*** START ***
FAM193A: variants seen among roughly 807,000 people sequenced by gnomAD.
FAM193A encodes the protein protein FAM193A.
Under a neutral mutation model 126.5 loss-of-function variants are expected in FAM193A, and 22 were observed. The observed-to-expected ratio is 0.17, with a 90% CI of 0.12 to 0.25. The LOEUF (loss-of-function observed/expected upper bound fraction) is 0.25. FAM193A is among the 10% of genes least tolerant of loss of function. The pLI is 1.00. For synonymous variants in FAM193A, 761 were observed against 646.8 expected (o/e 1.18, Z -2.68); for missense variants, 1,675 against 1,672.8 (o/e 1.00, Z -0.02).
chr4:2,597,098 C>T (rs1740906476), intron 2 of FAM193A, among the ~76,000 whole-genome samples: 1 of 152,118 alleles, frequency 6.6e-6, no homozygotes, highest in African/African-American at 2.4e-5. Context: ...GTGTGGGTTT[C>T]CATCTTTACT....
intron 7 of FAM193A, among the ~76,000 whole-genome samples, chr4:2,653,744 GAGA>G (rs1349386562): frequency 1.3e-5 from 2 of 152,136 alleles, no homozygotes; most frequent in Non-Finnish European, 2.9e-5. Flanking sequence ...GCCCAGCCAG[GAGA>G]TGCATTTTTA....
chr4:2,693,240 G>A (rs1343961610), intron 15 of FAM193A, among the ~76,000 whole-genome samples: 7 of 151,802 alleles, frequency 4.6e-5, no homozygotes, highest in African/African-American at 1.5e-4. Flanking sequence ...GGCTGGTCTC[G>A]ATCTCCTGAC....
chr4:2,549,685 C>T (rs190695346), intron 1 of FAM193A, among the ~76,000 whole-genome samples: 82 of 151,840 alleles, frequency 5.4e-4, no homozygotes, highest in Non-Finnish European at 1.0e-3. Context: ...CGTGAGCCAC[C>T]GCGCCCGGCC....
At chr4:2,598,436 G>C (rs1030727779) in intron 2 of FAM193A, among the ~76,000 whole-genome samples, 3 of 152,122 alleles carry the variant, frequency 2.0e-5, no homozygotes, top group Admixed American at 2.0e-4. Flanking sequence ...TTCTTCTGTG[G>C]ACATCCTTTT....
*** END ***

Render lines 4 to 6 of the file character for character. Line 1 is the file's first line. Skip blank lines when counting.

chr4:2,597,098 C>T (rs1740906476), intron 2 of FAM193A, among the ~76,000 whole-genome samples: 1 of 152,118 alleles, frequency 6.6e-6, no homozygotes, highest in African/African-American at 2.4e-5. Context: ...GTGTGGGTTT[C>T]CATCTTTACT....
intron 7 of FAM193A, among the ~76,000 whole-genome samples, chr4:2,653,744 GAGA>G (rs1349386562): frequency 1.3e-5 from 2 of 152,136 alleles, no homozygotes; most frequent in Non-Finnish European, 2.9e-5. Flanking sequence ...GCCCAGCCAG[GAGA>G]TGCATTTTTA....
chr4:2,693,240 G>A (rs1343961610), intron 15 of FAM193A, among the ~76,000 whole-genome samples: 7 of 151,802 alleles, frequency 4.6e-5, no homozygotes, highest in African/African-American at 1.5e-4. Flanking sequence ...GGCTGGTCTC[G>A]ATCTCCTGAC....